How To Decrease Your On-Line Risks


One of the hallmarks of travel nursing is the fact that usually the allied is on the road, often away from home computers.  Traveling allieds sometimes go to a library or use communal computers for such tasks as processing with a new travel nursing company, checking e-mails, and  sometimes performing financial transactions (online banking etc.).  This can expose a travel allied to greater risks than others with  jobs that  keep them local or near their home computer where (hopefully) anti-virus software and firewalls keep the computer secure.  Below are tips for travel allieds to decrease online risks while on the road.

General security

  • Don’t use public or shared computers for online banking or investment transactions.
  • Don’t give out your account password to anyone, even someone claiming to be from your online service. Your account can be hijacked, and you can find unexpected charges on your bill.
  • Be careful about giving out your credit card number, phone number and home address. Never provide your Social Security number to anyone unless required by law (employers, banks, government etc.).
  • Email is relatively private — but not completely. Don’t put anything into an electronic message that you wouldn’t want to see posted on a neighborhood bulletin board.
  • Delete junk email without even reading it. Never download an email attachment from an unknown source. Opening a file could expose your system to a virus.
  • Be cautious about opening any attachment or downloading any files from emails you receive, regardless of who sent them. These files can contain viruses or other software that can weaken your computer’s security.
  • Don’t “unsubscribe” on unwanted, un-requested or unsolicited e-mail. That just lets the senders know that they had reached a valid email address. Don’t sign up for free offers.

Shopping online

  • Know who you’re dealing with. Confirm the online seller’s physical address and phone number in case you have problems.
  • Know what you’re buying. Read the seller’s description of the product closely, especially the fine print. Name-brand items at unusually low prices might be stolen or counterfeit.
  • Know what it will cost, including shipping and handling. Never send cash.
  • Pay by credit or charge card. If you pay by credit or charge card online, your transaction will be protected by the Fair Credit Billing Act. Under this law, you have the right to dispute charges under certain circumstances and temporarily withhold payment while the creditor is investigating them.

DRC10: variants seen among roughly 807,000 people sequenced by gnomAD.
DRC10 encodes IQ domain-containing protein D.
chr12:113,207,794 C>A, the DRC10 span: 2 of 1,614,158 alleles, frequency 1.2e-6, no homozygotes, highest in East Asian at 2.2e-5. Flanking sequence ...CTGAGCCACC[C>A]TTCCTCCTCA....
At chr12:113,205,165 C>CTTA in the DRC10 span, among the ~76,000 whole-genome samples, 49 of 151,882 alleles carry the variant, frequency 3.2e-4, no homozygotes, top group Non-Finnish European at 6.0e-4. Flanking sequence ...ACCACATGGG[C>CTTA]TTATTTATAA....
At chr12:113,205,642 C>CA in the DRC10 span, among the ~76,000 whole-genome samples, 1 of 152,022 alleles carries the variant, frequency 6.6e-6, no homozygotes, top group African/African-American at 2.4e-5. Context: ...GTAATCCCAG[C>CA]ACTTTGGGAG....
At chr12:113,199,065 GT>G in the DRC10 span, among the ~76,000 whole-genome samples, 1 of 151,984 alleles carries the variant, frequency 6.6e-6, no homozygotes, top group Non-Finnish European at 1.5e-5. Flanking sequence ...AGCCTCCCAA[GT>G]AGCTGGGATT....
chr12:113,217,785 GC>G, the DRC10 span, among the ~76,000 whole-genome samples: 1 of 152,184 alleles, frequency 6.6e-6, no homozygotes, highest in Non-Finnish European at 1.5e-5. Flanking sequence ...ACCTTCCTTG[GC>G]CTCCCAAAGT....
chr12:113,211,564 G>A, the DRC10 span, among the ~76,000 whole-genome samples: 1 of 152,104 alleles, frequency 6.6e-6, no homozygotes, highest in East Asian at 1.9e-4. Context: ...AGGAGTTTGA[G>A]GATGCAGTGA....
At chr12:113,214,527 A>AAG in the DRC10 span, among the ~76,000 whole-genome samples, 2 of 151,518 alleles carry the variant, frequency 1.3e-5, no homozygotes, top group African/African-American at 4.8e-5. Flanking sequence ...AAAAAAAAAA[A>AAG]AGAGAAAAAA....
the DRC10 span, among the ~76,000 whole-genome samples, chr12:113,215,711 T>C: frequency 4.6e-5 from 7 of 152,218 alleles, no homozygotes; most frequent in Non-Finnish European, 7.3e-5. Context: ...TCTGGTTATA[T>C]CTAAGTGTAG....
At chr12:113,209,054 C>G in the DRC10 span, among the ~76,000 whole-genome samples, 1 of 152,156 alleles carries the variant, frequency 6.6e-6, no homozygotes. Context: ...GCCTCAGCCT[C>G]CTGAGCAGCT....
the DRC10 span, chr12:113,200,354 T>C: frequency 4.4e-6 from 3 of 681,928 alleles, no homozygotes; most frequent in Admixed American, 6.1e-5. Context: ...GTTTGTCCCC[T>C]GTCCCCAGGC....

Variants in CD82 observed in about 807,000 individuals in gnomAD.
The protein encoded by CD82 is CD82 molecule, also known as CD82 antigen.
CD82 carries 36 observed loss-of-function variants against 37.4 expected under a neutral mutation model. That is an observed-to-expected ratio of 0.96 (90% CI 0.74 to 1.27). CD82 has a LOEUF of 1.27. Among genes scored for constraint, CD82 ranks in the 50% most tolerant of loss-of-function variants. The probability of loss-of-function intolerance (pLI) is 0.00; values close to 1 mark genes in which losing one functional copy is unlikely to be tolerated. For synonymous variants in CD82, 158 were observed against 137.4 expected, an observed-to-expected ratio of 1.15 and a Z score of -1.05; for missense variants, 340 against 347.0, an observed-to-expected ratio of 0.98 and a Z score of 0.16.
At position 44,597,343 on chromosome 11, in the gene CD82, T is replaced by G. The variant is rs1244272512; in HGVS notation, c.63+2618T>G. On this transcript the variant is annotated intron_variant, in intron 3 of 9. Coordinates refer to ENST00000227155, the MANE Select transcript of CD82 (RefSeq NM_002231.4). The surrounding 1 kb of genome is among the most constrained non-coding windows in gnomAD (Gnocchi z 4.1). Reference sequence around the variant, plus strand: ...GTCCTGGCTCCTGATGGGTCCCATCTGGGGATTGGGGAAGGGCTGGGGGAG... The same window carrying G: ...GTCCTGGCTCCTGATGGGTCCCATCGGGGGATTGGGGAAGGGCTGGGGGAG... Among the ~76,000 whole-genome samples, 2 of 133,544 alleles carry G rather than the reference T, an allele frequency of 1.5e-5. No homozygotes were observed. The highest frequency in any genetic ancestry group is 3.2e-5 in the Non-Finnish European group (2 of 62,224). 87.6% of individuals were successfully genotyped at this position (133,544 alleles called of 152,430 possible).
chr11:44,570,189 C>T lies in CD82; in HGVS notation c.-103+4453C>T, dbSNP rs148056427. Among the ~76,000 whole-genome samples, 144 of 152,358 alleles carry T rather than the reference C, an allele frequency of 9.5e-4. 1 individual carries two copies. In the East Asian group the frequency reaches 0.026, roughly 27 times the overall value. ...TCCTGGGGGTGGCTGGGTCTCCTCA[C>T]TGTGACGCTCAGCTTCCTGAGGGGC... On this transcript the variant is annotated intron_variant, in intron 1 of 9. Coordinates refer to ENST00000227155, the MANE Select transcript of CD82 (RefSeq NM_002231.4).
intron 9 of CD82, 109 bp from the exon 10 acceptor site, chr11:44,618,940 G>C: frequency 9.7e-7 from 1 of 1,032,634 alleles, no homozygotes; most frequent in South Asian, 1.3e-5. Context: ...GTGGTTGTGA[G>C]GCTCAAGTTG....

• Check out the terms of the deal, like refund policies and delivery dates. A Federal Trade Commission rule requires sellers to ship items as promised or within 30 days after the order date if no specific date is promised.

Phishing and identity theft
You may receive emails that appear to be from a financial institution, bill paying service, government agency or other business that say something like:

“We suspect an unauthorized transaction on your account. To ensure that your account is not compromised, please click the link below and confirm your identity.”

Do not reply, and do not click on the links. The messages direct you to a website that looks legitimate, but it is a trick to get you to reveal personal information and passwords. Operators can steal your identity and run up bills or commit crimes in your name.

Forward these emails to the Federal Trade Commission at [email protected] and to the company, bank, or organization impersonated in the email. Most organizations have information on their websites about where to report problems.

  • Email is not a secure method of transmitting information, so never use it to transmit financial information. Legitimate businesses should not ask you to send sensitive information by email.
  • Area codes can mislead. Some scammers send an email that appears to be from a legitimate business and ask you to call a phone number to update your account or access a “refund.” Because they use voice over internet protocol technology, the area code you call does not reflect where the scammers really are.
  • Review credit card and bank account statements as soon as you receive them to check for unauthorized charges.

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